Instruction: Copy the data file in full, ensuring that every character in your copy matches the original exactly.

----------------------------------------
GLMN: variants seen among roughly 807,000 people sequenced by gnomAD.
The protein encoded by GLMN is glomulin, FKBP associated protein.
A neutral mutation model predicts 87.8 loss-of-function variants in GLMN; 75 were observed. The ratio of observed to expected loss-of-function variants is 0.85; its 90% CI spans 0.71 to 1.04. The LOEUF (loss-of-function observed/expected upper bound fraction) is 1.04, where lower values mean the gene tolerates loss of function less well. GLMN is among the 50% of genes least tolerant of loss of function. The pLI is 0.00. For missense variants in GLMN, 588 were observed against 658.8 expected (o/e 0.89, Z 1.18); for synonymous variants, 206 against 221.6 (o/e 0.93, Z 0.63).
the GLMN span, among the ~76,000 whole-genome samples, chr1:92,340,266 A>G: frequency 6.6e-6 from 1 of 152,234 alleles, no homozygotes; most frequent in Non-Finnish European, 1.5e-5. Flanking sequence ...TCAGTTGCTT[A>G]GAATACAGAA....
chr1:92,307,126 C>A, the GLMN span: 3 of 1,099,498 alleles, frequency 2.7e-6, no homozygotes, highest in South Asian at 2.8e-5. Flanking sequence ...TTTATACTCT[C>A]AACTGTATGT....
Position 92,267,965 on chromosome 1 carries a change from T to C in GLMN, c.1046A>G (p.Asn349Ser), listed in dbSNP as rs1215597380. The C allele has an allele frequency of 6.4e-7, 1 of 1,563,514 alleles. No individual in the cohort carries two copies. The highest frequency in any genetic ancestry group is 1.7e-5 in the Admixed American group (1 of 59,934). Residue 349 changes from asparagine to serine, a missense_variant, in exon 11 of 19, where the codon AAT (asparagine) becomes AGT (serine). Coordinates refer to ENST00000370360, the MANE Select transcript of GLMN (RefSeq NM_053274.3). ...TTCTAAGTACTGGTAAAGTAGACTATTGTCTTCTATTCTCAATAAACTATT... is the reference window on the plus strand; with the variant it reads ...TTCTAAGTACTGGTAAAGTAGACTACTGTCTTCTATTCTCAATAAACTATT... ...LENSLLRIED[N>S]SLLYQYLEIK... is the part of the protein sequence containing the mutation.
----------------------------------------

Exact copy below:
GLMN: variants seen among roughly 807,000 people sequenced by gnomAD.
The protein encoded by GLMN is glomulin, FKBP associated protein.
A neutral mutation model predicts 87.8 loss-of-function variants in GLMN; 75 were observed. The ratio of observed to expected loss-of-function variants is 0.85; its 90% CI spans 0.71 to 1.04. The LOEUF (loss-of-function observed/expected upper bound fraction) is 1.04, where lower values mean the gene tolerates loss of function less well. GLMN is among the 50% of genes least tolerant of loss of function. The pLI is 0.00. For missense variants in GLMN, 588 were observed against 658.8 expected (o/e 0.89, Z 1.18); for synonymous variants, 206 against 221.6 (o/e 0.93, Z 0.63).
the GLMN span, among the ~76,000 whole-genome samples, chr1:92,340,266 A>G: frequency 6.6e-6 from 1 of 152,234 alleles, no homozygotes; most frequent in Non-Finnish European, 1.5e-5. Flanking sequence ...TCAGTTGCTT[A>G]GAATACAGAA....
chr1:92,307,126 C>A, the GLMN span: 3 of 1,099,498 alleles, frequency 2.7e-6, no homozygotes, highest in South Asian at 2.8e-5. Flanking sequence ...TTTATACTCT[C>A]AACTGTATGT....
Position 92,267,965 on chromosome 1 carries a change from T to C in GLMN, c.1046A>G (p.Asn349Ser), listed in dbSNP as rs1215597380. The C allele has an allele frequency of 6.4e-7, 1 of 1,563,514 alleles. No individual in the cohort carries two copies. The highest frequency in any genetic ancestry group is 1.7e-5 in the Admixed American group (1 of 59,934). Residue 349 changes from asparagine to serine, a missense_variant, in exon 11 of 19, where the codon AAT (asparagine) becomes AGT (serine). Coordinates refer to ENST00000370360, the MANE Select transcript of GLMN (RefSeq NM_053274.3). ...TTCTAAGTACTGGTAAAGTAGACTATTGTCTTCTATTCTCAATAAACTATT... is the reference window on the plus strand; with the variant it reads ...TTCTAAGTACTGGTAAAGTAGACTACTGTCTTCTATTCTCAATAAACTATT... ...LENSLLRIED[N>S]SLLYQYLEIK... is the part of the protein sequence containing the mutation.